Kent Police requests 160 mutual aid officers a day for no-deal Brexit
Kent Police plans to use mutual aid to draft in an additional 160 officers a day to assist with increased traffic around the port of Dover and other public order issues in the event of a no-deal Brexit, it has been revealed.
Assistant Chief Constable Peter Ayling said: “As part of Kent Police’s planning for Britain’s withdrawal from the EU a request for mutual aid to support existing resources has been made to the National Police Coordination Centre. Approximately 160 mutual aid officers a day have been requested to help the force continue to serve the public of Kent and help partner agencies keep the county moving.”
The figures were revealed after Paul Carter, the leader of Kent County Council, appeared on BBC Radio 4’s Today programme this morning (September 12) demanding to know what steps had been taken.
“I want assurance from Highways England and Kent Police that they have got the reciprocal arrangements with other police forces and Highways England officers around the country to make sure that they come into Kent in sufficiency to be able to man the pumps,” he said.
Mr Carter added that large numbers of officers would be required “to keep the road network in Kent open at all times and direct them to where lorries – if there are delays at the port - will be held until such time as they can depart from those ports”.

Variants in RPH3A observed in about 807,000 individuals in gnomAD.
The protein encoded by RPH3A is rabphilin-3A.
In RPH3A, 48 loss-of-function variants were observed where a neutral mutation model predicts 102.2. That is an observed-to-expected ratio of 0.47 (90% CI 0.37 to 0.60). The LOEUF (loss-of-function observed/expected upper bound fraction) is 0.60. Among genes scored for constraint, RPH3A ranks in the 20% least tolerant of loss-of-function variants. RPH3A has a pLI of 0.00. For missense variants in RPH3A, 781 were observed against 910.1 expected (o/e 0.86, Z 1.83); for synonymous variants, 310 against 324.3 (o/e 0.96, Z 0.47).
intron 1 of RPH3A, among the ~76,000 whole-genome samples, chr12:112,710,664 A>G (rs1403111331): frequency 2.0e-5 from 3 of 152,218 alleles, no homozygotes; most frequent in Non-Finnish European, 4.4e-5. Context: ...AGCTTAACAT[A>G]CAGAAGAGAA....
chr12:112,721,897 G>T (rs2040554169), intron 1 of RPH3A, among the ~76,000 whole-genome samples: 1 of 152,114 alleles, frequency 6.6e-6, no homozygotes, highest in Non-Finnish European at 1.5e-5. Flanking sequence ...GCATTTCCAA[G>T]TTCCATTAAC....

On Wednesday (September 11) the Government published Operation Yellowhammer, a five-page document containing the “reasonable worst-case planning assessments” of a no-deal exit from the EU.
In addition to major hold-ups at channel ports, increases in food and electricity prices and a shortage of key medicines, the document warned: “Protests and counter-protests will take place across the UK and may absorb significant amounts of police resource. There may also be a rise in public disorder and community tensions.”
Mr Carter said “accelerated progress” had been made since the Yellowhammer report was originally drafted on August 2, but added: “There are still two or three outstanding matters, which I am beating the drum on that need resolving in short order.”
Asked if he was worried about a no-deal Brexit, he said: “As long as we get satisfactory answers and progress on how the operating model for customs clearance is going to work and communicate that to the logistics haulage industry, I am pretty confident that we can avoid disruption in Kent.”